Underrated Musical Talent

Full Disclosure:  I don’t care for Elton John.  But I wanted to share this bit of underrated composing that’s speculated to be what he’d want at his funeral.  The piece has two parts:  Funeral For A Friend and Love Lies Bleeding.  The first part (~ 5 minutes) is an instrumental and really shows his musical composition ability.  The second half is just his usual singing.  Listen to the first half – it sounds more like something you’d expect coming from Boston (Foreplay / Long Time) or ELO (Fire on High).

Another Elton John piano piece I enjoy is Someone Saved My Life Tonight.  I don’t give a crap about the vocals but the piano is very innovative, especially the Cm – A7 – C – C#dim – G progressions, and the second bridge (“So save your strength and run the field you play alone”), which goes Em7 – C – C#dim, and changes time signature before going back to the chorus.  C#dim is one of those fairly easy piano chords and also fairly easy on the Stick as well but a real pain in the ass on the guitar – it’s a 3rd position non-barre sharp which means it starts on the 4th fret and it only uses the middle four strings – the low and high E strings are damped.  Going from C to C#dim took me a lot of practice to get smoothly on the guitar neck, but it’s a fairly simple 3 fret slide up and simple chord shape change on the Stick.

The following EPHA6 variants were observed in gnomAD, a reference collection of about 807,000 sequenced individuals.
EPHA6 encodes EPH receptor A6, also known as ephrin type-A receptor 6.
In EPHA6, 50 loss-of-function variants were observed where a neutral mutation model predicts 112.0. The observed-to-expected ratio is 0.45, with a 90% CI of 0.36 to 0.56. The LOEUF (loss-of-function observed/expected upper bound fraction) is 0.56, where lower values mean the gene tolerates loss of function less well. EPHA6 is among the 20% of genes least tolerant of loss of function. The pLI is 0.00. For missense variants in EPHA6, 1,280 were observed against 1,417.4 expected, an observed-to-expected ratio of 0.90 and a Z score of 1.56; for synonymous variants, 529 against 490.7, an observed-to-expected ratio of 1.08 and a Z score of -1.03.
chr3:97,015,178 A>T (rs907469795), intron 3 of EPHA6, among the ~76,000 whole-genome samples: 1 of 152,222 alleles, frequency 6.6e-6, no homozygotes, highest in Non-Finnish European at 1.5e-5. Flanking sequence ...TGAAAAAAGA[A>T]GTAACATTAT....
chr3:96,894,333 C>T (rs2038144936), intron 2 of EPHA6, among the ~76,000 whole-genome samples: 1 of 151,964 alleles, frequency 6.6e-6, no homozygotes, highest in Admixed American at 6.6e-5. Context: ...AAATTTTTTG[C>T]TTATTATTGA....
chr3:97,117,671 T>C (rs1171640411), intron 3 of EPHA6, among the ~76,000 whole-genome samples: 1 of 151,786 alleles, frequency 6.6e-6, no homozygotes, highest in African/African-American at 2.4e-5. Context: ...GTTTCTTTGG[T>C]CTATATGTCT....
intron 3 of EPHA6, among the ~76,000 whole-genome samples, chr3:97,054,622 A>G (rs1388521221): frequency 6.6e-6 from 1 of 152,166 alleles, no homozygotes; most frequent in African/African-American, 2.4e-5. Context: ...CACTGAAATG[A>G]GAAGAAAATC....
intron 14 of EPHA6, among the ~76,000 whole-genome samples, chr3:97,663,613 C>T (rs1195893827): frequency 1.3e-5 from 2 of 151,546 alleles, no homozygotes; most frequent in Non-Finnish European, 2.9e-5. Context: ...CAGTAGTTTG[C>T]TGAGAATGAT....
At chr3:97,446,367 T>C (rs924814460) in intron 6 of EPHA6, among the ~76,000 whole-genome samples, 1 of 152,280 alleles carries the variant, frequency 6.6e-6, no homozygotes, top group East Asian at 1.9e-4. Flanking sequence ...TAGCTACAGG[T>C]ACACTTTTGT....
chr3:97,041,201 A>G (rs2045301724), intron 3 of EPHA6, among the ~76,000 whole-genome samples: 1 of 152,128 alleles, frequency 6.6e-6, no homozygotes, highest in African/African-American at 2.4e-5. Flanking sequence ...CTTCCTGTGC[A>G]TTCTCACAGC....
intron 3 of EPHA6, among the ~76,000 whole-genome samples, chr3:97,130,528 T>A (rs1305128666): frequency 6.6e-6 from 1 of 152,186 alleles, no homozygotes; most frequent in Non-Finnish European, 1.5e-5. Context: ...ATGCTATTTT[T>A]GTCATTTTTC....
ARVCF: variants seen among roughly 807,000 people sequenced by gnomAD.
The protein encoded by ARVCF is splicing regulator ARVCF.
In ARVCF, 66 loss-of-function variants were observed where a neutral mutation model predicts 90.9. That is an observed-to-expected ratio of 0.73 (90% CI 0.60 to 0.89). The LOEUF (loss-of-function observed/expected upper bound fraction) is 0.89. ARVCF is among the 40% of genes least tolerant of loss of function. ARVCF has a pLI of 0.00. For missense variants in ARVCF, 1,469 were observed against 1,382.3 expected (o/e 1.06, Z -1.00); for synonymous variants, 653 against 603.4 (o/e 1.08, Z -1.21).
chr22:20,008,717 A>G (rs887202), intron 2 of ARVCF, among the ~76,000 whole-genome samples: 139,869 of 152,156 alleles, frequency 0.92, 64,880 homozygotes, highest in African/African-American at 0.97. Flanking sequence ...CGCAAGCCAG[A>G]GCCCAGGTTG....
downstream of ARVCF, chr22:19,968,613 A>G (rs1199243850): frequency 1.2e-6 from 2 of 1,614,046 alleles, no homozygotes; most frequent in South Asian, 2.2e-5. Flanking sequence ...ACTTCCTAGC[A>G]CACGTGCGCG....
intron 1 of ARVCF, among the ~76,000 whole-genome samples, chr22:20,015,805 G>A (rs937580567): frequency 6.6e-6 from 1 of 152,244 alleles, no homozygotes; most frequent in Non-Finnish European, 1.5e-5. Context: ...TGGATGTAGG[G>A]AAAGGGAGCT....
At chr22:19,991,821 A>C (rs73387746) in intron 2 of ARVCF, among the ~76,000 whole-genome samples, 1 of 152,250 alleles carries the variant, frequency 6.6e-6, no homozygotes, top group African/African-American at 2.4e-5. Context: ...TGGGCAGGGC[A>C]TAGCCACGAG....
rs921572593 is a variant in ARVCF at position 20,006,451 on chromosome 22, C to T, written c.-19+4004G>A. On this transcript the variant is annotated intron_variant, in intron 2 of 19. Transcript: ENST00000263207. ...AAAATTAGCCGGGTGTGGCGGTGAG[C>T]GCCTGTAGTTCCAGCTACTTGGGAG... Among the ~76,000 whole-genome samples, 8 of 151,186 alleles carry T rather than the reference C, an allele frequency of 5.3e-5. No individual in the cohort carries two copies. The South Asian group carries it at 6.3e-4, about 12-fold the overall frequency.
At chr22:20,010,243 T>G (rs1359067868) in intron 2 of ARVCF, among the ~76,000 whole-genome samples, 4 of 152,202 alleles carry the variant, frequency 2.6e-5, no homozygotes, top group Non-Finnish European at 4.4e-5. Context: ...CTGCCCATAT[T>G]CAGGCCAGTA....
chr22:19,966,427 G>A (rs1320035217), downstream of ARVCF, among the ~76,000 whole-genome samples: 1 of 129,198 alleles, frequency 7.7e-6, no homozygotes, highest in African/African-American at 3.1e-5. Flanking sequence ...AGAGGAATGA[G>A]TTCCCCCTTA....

And Rick Wakeman may have lost the title of fastest keyboardest in the world but he’s still just freaking amazing:

His stage setup for this video consists of an upright piano, a Minimoog, a more modern analog synthesizer, and an analog loop sampler.

I’ve always been a big fan of J.S. Bach and one of the organ pieces I enjoy hearing for demonstration of instrument capability is his Toccata and Fugue in D Minor:

In that video, each organ stop is a different color.  My two favorite stops in this piece are the green (which is definitely a pedal stop, sounds like a 16′ Ophicleide, or a mixture containing a long reed rank) and the dull orange, which is probably a Great Octave.  (Someone who knows organ stops, please correct me in the comments.)  Either way, it’s just flipping awesome!

I’ll leave you with an orchestral piece that was also in Disney’s Fantasia, Mussorgsky’s Night on Bald Mountain:

This arrangement was by conductor Leopold Stokowski, based on Nikolai Rimsky-Korsakov’s arrangement.

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